A federal judge on Thursday dismissed a lawsuit by President Donald Trump’s campaign that had sought to stop New Jersey’s mail-in ballot program.
U.S. District Judge Michael Shipp’s opinion was foreshadowed when he rejected the GOP’s request for an injunction to stop the program on Oct. 6 and wrote the plaintiffs “fail to establish they are likely to succeed on the merits of their claims.”
A message was left Thursday seeking comment from a spokesperson for the Trump campaign.
In a court filing last month, the campaign alleged the state’s ballot procedures violated the Constitution and opened the door to widespread voter fraud, including that ballots mailed after Election Day would still be counted. Shipp wrote Thursday that the fraud claims rest on “highly speculative fear.”
Gov. Phil Murphy signed legislation in August that allowed election officials to begin counting mail-in ballots 10 days before Election Day and accept unpostmarked ballots up to two days afterward. All registered New Jersey voters were mailed ballots in what Murphy has said are concerns over potential coronavirus transmission from in-person voting.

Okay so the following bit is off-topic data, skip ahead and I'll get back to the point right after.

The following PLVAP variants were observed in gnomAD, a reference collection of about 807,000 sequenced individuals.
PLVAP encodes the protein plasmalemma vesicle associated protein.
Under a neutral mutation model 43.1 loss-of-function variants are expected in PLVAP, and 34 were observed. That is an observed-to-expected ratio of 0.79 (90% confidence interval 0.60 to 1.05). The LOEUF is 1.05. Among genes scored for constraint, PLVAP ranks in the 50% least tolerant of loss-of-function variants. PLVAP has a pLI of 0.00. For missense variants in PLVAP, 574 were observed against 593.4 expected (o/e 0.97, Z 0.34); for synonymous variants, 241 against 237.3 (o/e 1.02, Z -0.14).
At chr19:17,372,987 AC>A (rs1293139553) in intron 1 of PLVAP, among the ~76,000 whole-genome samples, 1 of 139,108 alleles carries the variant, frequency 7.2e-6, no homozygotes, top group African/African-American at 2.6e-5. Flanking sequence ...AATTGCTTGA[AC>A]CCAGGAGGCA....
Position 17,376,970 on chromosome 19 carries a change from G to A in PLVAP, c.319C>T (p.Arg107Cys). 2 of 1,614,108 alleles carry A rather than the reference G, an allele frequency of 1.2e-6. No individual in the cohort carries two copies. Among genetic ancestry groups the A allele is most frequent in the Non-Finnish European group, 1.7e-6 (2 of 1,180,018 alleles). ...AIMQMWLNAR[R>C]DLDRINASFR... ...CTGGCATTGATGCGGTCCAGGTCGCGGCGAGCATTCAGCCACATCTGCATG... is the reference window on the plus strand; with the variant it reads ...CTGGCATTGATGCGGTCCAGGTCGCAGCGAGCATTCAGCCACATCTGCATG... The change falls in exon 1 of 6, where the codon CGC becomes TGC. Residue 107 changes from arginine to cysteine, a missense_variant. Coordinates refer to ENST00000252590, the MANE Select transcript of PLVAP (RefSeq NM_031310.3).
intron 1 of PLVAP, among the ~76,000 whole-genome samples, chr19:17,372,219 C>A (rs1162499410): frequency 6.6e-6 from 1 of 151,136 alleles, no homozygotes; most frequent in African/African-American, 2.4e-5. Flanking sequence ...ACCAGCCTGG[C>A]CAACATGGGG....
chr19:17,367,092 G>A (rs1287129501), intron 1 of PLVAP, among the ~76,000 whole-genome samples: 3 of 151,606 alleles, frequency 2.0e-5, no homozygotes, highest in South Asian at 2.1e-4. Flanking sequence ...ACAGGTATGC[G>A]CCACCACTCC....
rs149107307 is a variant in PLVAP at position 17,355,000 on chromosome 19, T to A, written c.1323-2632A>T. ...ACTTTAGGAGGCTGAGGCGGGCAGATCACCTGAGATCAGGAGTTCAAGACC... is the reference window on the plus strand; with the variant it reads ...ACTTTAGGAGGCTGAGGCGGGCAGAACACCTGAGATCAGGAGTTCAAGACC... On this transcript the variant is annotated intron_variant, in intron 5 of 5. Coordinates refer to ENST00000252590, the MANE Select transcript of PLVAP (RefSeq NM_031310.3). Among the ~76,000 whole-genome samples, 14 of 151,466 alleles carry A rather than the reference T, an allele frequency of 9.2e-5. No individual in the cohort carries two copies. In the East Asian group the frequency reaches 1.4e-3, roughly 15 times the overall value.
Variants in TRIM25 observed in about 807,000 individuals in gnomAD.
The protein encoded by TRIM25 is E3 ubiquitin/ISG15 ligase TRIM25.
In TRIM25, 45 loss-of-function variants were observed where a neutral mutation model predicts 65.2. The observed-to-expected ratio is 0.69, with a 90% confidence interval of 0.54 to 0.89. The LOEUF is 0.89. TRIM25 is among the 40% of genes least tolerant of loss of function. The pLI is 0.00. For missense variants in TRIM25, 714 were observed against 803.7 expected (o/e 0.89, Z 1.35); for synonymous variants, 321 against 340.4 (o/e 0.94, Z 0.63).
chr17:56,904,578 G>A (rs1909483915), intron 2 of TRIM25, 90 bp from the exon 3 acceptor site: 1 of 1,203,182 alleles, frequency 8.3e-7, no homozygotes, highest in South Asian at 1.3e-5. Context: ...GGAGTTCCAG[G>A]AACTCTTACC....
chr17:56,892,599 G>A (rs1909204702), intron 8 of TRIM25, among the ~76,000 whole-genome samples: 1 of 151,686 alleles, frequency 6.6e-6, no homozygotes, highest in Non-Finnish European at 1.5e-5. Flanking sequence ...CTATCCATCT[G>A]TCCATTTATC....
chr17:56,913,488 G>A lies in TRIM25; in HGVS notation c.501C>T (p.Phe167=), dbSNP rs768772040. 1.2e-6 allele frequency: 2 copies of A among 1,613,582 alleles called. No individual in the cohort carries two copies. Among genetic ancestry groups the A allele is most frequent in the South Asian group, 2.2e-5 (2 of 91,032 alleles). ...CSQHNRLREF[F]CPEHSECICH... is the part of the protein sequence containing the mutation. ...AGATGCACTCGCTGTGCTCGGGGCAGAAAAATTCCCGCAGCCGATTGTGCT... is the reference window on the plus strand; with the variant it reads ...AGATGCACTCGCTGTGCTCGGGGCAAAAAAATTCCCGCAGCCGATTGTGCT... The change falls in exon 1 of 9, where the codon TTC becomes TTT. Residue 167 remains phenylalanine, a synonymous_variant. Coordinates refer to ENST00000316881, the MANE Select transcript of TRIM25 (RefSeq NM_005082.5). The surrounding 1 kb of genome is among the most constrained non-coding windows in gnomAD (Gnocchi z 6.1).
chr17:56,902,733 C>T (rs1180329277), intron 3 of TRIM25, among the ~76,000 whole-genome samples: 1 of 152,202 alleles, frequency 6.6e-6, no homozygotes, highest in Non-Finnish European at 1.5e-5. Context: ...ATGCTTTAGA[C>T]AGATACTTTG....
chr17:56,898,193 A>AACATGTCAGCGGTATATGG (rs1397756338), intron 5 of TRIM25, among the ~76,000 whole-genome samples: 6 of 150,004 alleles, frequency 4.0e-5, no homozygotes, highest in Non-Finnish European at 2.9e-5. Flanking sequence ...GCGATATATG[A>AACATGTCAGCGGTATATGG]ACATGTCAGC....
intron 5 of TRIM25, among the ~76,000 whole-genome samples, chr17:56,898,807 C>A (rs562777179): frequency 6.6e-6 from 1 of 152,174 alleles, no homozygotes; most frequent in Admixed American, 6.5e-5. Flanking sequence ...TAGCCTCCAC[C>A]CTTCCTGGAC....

The GOP sued New Jersey in August, calling the state’s plan “a brazen power grab” by Murphy that created the possibility of widespread voter fraud. The suit named a recent incident in Paterson in which a campaign worker allegedly admitting stealing ballots out of mail boxes in a local election.
“It is difficult — and ultimately speculative — to predict future injury from evidence of past injury,” Shipp wrote Thursday.
The two major political parties are embroiled in dozens of lawsuits across the country over issues including mail-in ballots, ballot drop boxes, witness requirements and time extensions for voting and for counting ballots.